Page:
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Worldwide Ace » Battling the Wizard – Part IV

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Battling the Wizard – Part IV

20 February, 2014 (06:45) | Growing Up

Continued from
Battling the Wizard – Part I
Battling the Wizard – Part II
Battling the Wizard – Part III

The following catalogs the turmoil that led
to my sudden move to Nederland at the end of January.
It’s extremely long, though each part is reasonable article length.

thewizard

When Jesse finally finished moving out, I quickly moved in. The kitchen wasn’t nearly as well stocked as the Wizard had claimed and I began to feel that he simply didn’t want me moving in. I bolted for Boston, grateful for the added space and distance, leaving the Wizard and the Master to the house. In a series of emails, the Wizard and I talked about having this as a trial period. No one ever signs the lease immediately, he told me. He had been burned by bad roommates too many times not to test the waters. Ski season is still two months away, I assured him, and we’d see how things went. I promised to make food to go instead of having people into the house. If there were issues, he wanted me to come to him, saying as long as I wasn’t on the lease, he should deal with our landlord.

SIDE NOTE: In the year and four months I lived there, I never met our landlord. She supposedly was an old woman. She never answered any of the messages I left for her. She never answered her phone. She also never complained when I subtracted costs from the rent. In many ways, I wonder if she even existed. Of course, at Shady Hollow I never met or spoke to my landlord either, so I didn’t think much of it. However, at Shady Hollow my roommate acted as the property manager, and I never had any issues that he wouldn’t or couldn’t solve. The same can’t be said for the Wizard and his house.

When I returned from Boston, the stress of the move had seemed to wear off.He restated caveats and complaints about things I had yet to do, mostly with regards to the Winter routine that would begin with ski season, a full month and a half away. I tried to make adjustments. I started purchasing ground coffee despite the fact that I had a wealth of whole bean coffee I loved. When I did grind, I would drag the grinder outside the house, crouching in the morning cold as it whirred. I tiptoed around, constantly checking back with the Wizard in the evenings to see if my morning noise was bothering him. Only once, when I accidentally knocked down a couple of pans, did he come out of his room and glare at me angrily. Other than that, he seemed surprised any time I mentioned a noise I thought may have bothered him, though occasionally he would say that it did when recovered his faculties.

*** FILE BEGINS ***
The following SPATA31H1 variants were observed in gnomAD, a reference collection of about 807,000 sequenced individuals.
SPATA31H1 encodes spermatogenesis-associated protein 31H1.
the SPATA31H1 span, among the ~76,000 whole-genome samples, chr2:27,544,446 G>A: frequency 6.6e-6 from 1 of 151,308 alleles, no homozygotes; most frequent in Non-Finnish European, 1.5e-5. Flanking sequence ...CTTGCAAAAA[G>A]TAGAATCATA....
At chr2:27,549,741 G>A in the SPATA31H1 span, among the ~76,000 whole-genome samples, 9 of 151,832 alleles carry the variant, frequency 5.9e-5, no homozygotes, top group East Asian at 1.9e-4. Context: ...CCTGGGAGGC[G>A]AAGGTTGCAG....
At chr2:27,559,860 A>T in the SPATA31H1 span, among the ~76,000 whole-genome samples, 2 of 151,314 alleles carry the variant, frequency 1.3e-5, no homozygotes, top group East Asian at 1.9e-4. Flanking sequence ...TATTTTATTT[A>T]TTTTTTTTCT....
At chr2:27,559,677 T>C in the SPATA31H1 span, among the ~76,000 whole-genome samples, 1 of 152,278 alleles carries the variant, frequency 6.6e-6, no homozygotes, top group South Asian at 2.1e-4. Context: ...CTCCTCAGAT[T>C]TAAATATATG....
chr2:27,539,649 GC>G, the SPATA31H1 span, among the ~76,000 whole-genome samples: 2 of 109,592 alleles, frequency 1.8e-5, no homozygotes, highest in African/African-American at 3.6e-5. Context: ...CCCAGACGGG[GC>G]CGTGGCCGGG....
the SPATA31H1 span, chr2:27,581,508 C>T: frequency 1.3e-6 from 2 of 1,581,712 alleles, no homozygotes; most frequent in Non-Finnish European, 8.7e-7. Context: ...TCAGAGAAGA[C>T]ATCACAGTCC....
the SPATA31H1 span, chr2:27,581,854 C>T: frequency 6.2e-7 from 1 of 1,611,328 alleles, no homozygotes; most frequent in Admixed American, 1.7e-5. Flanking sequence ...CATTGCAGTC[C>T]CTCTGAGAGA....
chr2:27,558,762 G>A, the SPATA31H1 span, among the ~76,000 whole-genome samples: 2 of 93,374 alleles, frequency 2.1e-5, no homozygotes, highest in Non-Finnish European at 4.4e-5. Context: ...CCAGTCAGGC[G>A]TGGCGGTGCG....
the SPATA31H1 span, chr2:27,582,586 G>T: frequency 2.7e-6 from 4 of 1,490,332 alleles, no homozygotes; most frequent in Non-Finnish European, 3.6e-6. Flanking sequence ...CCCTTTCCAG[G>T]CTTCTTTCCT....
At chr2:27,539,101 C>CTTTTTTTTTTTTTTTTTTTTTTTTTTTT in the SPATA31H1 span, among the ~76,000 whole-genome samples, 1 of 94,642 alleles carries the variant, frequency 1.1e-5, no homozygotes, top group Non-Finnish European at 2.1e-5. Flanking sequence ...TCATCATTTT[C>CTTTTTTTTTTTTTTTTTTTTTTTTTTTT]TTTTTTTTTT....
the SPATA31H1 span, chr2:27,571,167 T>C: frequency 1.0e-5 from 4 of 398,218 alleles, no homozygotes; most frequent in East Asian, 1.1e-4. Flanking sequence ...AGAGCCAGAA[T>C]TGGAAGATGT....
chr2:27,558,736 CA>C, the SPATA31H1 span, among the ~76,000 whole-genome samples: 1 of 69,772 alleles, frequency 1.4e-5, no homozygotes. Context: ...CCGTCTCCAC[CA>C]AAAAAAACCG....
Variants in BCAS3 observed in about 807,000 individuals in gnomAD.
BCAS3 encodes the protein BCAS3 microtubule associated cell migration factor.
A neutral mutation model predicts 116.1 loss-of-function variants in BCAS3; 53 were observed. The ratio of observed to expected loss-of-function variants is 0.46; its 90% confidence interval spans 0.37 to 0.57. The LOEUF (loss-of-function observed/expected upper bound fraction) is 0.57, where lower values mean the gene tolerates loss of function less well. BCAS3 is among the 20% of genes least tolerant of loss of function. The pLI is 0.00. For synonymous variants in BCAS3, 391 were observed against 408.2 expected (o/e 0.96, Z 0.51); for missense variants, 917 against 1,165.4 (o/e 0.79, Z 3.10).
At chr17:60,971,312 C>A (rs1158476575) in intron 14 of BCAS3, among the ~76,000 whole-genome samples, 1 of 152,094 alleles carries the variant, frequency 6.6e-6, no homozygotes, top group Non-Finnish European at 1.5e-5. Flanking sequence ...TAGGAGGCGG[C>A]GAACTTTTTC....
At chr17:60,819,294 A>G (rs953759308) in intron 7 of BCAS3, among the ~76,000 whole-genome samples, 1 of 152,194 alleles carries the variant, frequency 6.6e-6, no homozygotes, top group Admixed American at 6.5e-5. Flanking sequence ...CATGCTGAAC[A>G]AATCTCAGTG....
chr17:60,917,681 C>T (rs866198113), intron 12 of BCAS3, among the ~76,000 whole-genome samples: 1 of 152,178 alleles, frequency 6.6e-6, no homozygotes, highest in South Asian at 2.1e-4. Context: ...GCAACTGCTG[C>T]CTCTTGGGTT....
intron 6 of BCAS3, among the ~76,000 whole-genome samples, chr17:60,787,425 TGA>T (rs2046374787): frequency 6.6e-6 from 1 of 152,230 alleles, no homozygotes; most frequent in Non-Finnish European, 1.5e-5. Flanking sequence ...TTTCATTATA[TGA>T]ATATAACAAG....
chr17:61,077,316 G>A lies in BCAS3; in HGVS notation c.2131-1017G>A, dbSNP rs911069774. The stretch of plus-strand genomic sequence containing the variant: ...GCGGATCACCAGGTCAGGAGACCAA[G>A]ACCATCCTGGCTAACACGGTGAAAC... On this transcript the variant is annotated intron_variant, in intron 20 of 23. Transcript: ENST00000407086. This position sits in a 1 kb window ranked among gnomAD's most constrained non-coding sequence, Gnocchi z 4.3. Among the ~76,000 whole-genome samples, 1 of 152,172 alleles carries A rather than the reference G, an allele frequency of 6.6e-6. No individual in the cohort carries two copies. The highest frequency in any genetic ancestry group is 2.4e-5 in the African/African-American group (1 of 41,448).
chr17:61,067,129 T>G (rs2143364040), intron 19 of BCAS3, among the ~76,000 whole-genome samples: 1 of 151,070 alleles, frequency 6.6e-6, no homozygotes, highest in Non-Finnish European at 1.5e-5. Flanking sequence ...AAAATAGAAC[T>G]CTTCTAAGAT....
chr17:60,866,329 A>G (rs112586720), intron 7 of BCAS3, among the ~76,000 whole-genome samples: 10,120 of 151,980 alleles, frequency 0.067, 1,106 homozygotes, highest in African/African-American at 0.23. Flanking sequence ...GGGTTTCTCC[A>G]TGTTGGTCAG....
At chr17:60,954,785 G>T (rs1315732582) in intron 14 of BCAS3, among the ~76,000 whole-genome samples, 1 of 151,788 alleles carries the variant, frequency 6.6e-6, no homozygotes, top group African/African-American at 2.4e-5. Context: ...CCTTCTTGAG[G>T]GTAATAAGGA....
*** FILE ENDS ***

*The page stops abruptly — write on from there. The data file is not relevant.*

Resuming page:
Before, with the van, the Wizard had let me use it multiple times, usually to hit up Taco Bell on the way home from Tichu. “Can you drive?” he would ask me, obviously uncomfortable with the prospect of getting behind the wheel.

“You know my condition,” I would say. It allowed him time to sober up on the drive back to his house before taking over. For me, it got me home and allowed me to get food. He sold his vehicle just as I moved in, replacing it with a refurbished Subaru. I asked a few times to borrow his car for a Taco Bell run, but the amount of grief he gave me made it clear he didn’t want me borrowing his vehicle without having my own insurance. It’s a fair point, and one I didn’t feel needed to be rehashed, so I stopped asking within the first few weeks.

When things went wrong in the house, or if I needed something, it felt like pulling teeth. I asked for a little more space in the garage to find his explanation of why it couldn’t happen that he had stuff there and where would he put his stuff. He didn’t want his workshop cramped, which is understandable, so I found ways to store things in the closet in my room, and I reorganized the storage area beneath the stairs. I came home one day to find my things moved to a new smaller shelf in the laundry room, my previous spot repurposed for his web business. He needed the room, he told me, and he had gotten me the other shelves to make up for it. He didn’t ask. He didn’t give a warning. It just happened. When things would break and I came to him, more often than not he would tell me to fix them and subtract the cost (including time and labor) from my rent check (at a very reasonable rate, and given my financials, it was always enticing in a way). When I would set things in a corner of the living room, they would migrate to a pile downstairs. When I would ask why he didn’t just ask me to move them, he would say he liked an orderly house. Twice, I came home to find dogs running through the house.

“Oh, by the way, the dogs are staying here a few days,” he would say, his friend’s dogs already there. I wasn’t consulted or warned.

I was starting to feel pushed out, unwelcome, and segregated, ready to move to Ned for the Winter, when The Master announced he was moving out at the end of December. The Wizard immediately started acting different.

“I can’t find two roommates at once,” he whined to me. He was visibly bothered by the idea. And as ski season began and my adjusted routine turned out to be less problematic than he expected, he began to allay me with compliments and assurances.

I told myself that I would stay the ski season, if only to make it easier on him. Inside, though, I was still unhappy, but I didn’t want to let him know.

Continued in
Battling the Wizard – Part V

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